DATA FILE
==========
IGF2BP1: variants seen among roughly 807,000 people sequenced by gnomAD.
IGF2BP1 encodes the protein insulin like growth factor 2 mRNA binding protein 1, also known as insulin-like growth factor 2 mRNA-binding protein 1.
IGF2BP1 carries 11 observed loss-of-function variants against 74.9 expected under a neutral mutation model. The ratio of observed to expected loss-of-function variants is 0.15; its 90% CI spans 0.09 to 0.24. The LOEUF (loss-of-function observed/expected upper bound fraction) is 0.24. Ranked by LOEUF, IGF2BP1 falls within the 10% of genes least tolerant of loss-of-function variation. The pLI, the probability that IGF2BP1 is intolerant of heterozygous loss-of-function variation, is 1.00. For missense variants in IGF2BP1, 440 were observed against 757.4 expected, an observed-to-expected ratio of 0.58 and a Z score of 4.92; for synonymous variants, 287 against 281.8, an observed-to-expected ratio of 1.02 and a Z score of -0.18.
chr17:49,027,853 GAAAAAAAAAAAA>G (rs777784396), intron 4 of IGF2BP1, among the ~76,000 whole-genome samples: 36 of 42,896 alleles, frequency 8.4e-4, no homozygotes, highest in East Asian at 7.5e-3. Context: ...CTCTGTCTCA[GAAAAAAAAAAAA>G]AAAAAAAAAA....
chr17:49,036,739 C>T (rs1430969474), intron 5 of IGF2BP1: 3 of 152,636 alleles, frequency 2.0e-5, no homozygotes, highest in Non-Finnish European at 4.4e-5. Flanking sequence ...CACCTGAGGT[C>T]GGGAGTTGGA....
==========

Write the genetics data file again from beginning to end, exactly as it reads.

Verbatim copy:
IGF2BP1: variants seen among roughly 807,000 people sequenced by gnomAD.
IGF2BP1 encodes the protein insulin like growth factor 2 mRNA binding protein 1, also known as insulin-like growth factor 2 mRNA-binding protein 1.
IGF2BP1 carries 11 observed loss-of-function variants against 74.9 expected under a neutral mutation model. The ratio of observed to expected loss-of-function variants is 0.15; its 90% CI spans 0.09 to 0.24. The LOEUF (loss-of-function observed/expected upper bound fraction) is 0.24. Ranked by LOEUF, IGF2BP1 falls within the 10% of genes least tolerant of loss-of-function variation. The pLI, the probability that IGF2BP1 is intolerant of heterozygous loss-of-function variation, is 1.00. For missense variants in IGF2BP1, 440 were observed against 757.4 expected, an observed-to-expected ratio of 0.58 and a Z score of 4.92; for synonymous variants, 287 against 281.8, an observed-to-expected ratio of 1.02 and a Z score of -0.18.
chr17:49,027,853 GAAAAAAAAAAAA>G (rs777784396), intron 4 of IGF2BP1, among the ~76,000 whole-genome samples: 36 of 42,896 alleles, frequency 8.4e-4, no homozygotes, highest in East Asian at 7.5e-3. Context: ...CTCTGTCTCA[GAAAAAAAAAAAA>G]AAAAAAAAAA....
chr17:49,036,739 C>T (rs1430969474), intron 5 of IGF2BP1: 3 of 152,636 alleles, frequency 2.0e-5, no homozygotes, highest in Non-Finnish European at 4.4e-5. Flanking sequence ...CACCTGAGGT[C>T]GGGAGTTGGA....